Tim> $critters[0][1] = "4";
                    Tim> $critters[1][0] = "cat";
                    Tim> $critters[1][1] = "4";
                    Tim> $critters[2][0] = "monkey";
                    Tim> $critters[2][1] = "2";

                    my @sorted = sort {
                    $a->[0] cmp $b->[0]
                    or $a->[1] <=> $b->[1];
                    } @critters;

                    This is covered in the Alpaca book.

                    And now, for the traditional "don't post here" comment:

                    **************************************************
                    *
                    * THIS IS NOT THE OFFICIAL perl BEGINNERS GROUP.
                    *
                    * The official one is at beginners@..., with instructions on how to
                    * join at http://lists.perl.org/list/beginners.html.
                    *
                    * You'll get far better response there, not to say you won't get *any* here.
                    *
                    **************************************************


                    --
                    Randal L. Schwartz - Stonehenge Consulting Services, Inc. - +1 503 777 0095
                    <merlyn@...> <URL:http://www.stonehenge.com/merlyn/>
                    Smalltalk/Perl/Unix consulting, Technical writing, Comedy, etc. etc.
                    See http://methodsandmessages.posterous.com/ for Smalltalk discussion
                  • Tim Lewis
                    Thanks Randall. I was close. I was using cmp instead of for the number portion. Thanks again. I did not know about the other listserver, and found this
                    Message 9 of 12 , Apr 7, 2011
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                      Thanks Randall. I was close. I was using "cmp" instead of <=> for the number portion.

                      Thanks again.
                      I did not know about the other listserver, and found this one on Yahoo. I will check out the other one.


                      Tim

                      ---- merlyn@... wrote:
                      > >>>>> "Tim" == Tim Lewis <twlewis@...> writes:
                      >
                      > Tim> Suppose I have a multi-di array. I can make it sort by any one
                      > Tim> element. But what I need to sort by two? In my simple example
                      > Tim> below, what if I wanted to sort by the animal name, and then by
                      > Tim> number of legs? I am grateful for any help or tips on this.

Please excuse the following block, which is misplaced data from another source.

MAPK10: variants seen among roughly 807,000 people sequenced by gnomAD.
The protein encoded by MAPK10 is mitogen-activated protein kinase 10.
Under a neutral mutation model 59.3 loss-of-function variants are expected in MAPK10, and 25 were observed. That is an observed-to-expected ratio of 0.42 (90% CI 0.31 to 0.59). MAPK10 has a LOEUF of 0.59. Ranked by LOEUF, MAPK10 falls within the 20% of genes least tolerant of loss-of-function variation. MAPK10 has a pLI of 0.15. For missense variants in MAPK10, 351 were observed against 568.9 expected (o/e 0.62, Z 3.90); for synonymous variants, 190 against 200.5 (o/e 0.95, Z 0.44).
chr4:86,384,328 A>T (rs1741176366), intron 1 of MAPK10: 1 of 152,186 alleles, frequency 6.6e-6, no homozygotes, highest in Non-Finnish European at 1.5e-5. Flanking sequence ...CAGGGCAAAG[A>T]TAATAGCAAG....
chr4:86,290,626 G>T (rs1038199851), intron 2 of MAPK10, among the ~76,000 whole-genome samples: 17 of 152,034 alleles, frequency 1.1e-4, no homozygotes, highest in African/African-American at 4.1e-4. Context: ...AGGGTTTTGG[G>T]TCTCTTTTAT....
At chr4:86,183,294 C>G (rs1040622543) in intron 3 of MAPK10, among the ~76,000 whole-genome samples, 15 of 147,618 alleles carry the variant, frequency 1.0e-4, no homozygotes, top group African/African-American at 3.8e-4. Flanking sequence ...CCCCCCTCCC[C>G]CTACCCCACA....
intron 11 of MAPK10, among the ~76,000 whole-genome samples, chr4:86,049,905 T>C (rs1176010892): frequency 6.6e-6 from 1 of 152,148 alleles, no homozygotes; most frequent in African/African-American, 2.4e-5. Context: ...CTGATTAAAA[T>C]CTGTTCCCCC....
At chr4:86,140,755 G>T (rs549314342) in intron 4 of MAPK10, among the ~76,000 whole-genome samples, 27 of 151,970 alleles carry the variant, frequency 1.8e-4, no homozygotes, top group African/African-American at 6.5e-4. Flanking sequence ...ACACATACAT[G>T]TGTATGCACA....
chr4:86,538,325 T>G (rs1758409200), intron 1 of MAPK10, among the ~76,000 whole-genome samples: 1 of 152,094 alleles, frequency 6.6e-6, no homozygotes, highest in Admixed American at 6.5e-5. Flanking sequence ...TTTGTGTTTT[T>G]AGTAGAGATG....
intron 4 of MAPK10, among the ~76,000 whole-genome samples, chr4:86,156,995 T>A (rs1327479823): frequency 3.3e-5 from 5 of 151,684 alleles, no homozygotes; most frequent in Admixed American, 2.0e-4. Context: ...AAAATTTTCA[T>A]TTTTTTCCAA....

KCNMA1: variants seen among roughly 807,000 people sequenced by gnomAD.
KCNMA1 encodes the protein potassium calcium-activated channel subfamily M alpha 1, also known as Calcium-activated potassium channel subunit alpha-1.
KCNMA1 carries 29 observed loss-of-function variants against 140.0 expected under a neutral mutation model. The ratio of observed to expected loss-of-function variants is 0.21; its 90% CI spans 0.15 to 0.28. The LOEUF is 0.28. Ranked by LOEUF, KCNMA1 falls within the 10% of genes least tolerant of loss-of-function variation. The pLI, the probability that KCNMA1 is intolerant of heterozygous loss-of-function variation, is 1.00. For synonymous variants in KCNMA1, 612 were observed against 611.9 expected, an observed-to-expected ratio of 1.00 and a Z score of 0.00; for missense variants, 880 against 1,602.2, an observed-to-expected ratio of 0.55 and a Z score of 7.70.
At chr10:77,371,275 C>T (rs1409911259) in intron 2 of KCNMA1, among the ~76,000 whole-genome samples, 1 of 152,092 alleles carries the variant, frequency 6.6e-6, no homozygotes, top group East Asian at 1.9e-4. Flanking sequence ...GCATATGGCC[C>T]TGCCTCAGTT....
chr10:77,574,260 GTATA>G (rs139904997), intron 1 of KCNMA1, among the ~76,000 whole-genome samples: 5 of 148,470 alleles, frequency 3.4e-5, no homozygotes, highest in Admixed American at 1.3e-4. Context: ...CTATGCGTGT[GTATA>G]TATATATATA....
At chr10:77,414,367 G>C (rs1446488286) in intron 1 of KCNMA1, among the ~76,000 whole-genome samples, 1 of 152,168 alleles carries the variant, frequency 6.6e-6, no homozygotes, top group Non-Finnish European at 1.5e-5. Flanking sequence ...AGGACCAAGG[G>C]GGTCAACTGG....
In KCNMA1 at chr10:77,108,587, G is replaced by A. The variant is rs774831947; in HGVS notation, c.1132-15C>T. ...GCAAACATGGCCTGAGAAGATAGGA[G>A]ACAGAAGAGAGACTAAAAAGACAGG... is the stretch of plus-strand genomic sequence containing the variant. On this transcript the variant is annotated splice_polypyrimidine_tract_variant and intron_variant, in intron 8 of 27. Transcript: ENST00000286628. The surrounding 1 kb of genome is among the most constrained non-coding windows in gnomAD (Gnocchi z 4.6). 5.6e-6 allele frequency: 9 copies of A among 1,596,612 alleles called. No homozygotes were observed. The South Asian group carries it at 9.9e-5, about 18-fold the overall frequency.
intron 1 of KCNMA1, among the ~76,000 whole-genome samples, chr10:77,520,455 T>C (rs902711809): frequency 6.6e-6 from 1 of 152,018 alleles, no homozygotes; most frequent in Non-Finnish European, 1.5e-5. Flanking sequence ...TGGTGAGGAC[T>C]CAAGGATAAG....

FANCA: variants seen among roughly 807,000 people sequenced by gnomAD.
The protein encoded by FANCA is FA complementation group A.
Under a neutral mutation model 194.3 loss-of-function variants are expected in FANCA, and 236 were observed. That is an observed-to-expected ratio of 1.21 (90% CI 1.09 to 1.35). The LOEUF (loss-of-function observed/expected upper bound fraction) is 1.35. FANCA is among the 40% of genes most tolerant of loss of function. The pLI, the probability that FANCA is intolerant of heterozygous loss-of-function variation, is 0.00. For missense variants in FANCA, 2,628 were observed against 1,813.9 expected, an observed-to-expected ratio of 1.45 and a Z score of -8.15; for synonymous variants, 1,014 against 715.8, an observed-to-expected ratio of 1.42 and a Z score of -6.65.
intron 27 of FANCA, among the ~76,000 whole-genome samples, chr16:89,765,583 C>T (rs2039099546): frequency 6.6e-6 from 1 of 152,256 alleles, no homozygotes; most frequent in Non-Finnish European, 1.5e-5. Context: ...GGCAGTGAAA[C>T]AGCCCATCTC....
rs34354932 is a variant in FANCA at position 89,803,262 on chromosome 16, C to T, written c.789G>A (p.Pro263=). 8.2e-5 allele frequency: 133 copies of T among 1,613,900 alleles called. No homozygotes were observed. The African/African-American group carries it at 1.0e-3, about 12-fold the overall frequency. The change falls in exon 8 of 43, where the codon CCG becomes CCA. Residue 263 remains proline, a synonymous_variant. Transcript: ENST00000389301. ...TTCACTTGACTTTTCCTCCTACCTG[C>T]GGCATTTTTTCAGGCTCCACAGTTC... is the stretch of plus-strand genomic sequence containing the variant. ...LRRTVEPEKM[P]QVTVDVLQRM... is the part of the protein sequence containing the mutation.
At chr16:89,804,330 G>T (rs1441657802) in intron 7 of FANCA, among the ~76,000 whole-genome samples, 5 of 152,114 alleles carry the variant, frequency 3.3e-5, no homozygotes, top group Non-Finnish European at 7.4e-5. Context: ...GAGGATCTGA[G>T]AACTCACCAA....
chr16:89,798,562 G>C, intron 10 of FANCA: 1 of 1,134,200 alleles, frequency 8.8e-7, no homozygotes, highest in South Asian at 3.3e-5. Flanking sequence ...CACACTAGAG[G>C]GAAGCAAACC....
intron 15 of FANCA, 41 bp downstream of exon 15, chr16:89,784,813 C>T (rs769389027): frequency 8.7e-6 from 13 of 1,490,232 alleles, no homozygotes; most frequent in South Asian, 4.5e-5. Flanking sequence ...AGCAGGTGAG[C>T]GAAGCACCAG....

>
                      > Since that can be interpreted two ways, I'm going to pretend you
                      > actually said "with the major sort by animal name, using the number of
                      > legs to break ties as a secondary sort".
                      >
                      > Tim> my @critters; #multi-di with animal name and number of legs
                      > Tim> $critters[0][0] = "dog";
                      > Tim> $critters[0][1] = "4";
                      > Tim> $critters[1][0] = "cat";
                      > Tim> $critters[1][1] = "4";
                      > Tim> $critters[2][0] = "monkey";
                      > Tim> $critters[2][1] = "2";
                      >
                      > my @sorted = sort {
                      > $a->[0] cmp $b->[0]
                      > or $a->[1] <=> $b->[1];
                      > } @critters;
                      >
                      > This is covered in the Alpaca book.
                      >
                      > And now, for the traditional "don't post here" comment:
                      >
                      > **************************************************
                      > *
                      > * THIS IS NOT THE OFFICIAL perl BEGINNERS GROUP.
                      > *
                      > * The official one is at beginners@..., with instructions on how to
                      > * join at http://lists.perl.org/list/beginners.html.
                      > *
                      > * You'll get far better response there, not to say you won't get *any* here.
                      > *
                      > **************************************************
                      >
                      >
                      > --
                      > Randal L. Schwartz - Stonehenge Consulting Services, Inc. - +1 503 777 0095
                      > <merlyn@...> <URL:http://www.stonehenge.com/merlyn/>
                      > Smalltalk/Perl/Unix consulting, Technical writing, Comedy, etc. etc.
                      > See http://methodsandmessages.posterous.com/ for Smalltalk discussion